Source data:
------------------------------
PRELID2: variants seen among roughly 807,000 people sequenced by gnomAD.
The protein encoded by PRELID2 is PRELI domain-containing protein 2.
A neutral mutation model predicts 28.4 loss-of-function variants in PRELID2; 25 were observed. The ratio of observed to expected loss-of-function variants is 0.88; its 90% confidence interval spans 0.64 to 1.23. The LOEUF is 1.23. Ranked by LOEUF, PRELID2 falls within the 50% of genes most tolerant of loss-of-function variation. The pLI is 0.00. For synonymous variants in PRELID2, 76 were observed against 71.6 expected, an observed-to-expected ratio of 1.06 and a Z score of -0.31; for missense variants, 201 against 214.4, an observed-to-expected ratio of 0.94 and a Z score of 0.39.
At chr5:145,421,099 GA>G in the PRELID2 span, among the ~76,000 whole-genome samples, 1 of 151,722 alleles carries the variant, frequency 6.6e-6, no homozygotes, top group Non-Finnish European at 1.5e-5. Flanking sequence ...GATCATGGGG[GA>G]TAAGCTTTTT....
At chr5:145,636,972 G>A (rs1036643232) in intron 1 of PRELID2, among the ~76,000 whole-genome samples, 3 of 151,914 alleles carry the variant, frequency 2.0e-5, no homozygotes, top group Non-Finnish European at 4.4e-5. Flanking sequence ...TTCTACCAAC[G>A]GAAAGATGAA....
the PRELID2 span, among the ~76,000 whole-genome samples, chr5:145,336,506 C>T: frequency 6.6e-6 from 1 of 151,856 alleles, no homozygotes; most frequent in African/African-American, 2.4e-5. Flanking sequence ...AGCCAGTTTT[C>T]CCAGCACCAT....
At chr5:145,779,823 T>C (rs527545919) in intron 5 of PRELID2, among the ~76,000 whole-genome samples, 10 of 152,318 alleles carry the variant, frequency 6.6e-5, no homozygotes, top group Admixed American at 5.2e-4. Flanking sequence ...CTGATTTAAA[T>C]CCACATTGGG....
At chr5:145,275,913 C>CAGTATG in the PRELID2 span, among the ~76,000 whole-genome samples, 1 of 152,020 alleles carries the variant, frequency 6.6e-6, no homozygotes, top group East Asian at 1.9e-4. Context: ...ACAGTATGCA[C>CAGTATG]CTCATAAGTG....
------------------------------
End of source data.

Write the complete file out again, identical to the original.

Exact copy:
PRELID2: variants seen among roughly 807,000 people sequenced by gnomAD.
The protein encoded by PRELID2 is PRELI domain-containing protein 2.
A neutral mutation model predicts 28.4 loss-of-function variants in PRELID2; 25 were observed. The ratio of observed to expected loss-of-function variants is 0.88; its 90% confidence interval spans 0.64 to 1.23. The LOEUF is 1.23. Ranked by LOEUF, PRELID2 falls within the 50% of genes most tolerant of loss-of-function variation. The pLI is 0.00. For synonymous variants in PRELID2, 76 were observed against 71.6 expected, an observed-to-expected ratio of 1.06 and a Z score of -0.31; for missense variants, 201 against 214.4, an observed-to-expected ratio of 0.94 and a Z score of 0.39.
At chr5:145,421,099 GA>G in the PRELID2 span, among the ~76,000 whole-genome samples, 1 of 151,722 alleles carries the variant, frequency 6.6e-6, no homozygotes, top group Non-Finnish European at 1.5e-5. Flanking sequence ...GATCATGGGG[GA>G]TAAGCTTTTT....
At chr5:145,636,972 G>A (rs1036643232) in intron 1 of PRELID2, among the ~76,000 whole-genome samples, 3 of 151,914 alleles carry the variant, frequency 2.0e-5, no homozygotes, top group Non-Finnish European at 4.4e-5. Flanking sequence ...TTCTACCAAC[G>A]GAAAGATGAA....
the PRELID2 span, among the ~76,000 whole-genome samples, chr5:145,336,506 C>T: frequency 6.6e-6 from 1 of 151,856 alleles, no homozygotes; most frequent in African/African-American, 2.4e-5. Flanking sequence ...AGCCAGTTTT[C>T]CCAGCACCAT....
At chr5:145,779,823 T>C (rs527545919) in intron 5 of PRELID2, among the ~76,000 whole-genome samples, 10 of 152,318 alleles carry the variant, frequency 6.6e-5, no homozygotes, top group Admixed American at 5.2e-4. Flanking sequence ...CTGATTTAAA[T>C]CCACATTGGG....
At chr5:145,275,913 C>CAGTATG in the PRELID2 span, among the ~76,000 whole-genome samples, 1 of 152,020 alleles carries the variant, frequency 6.6e-6, no homozygotes, top group East Asian at 1.9e-4. Context: ...ACAGTATGCA[C>CAGTATG]CTCATAAGTG....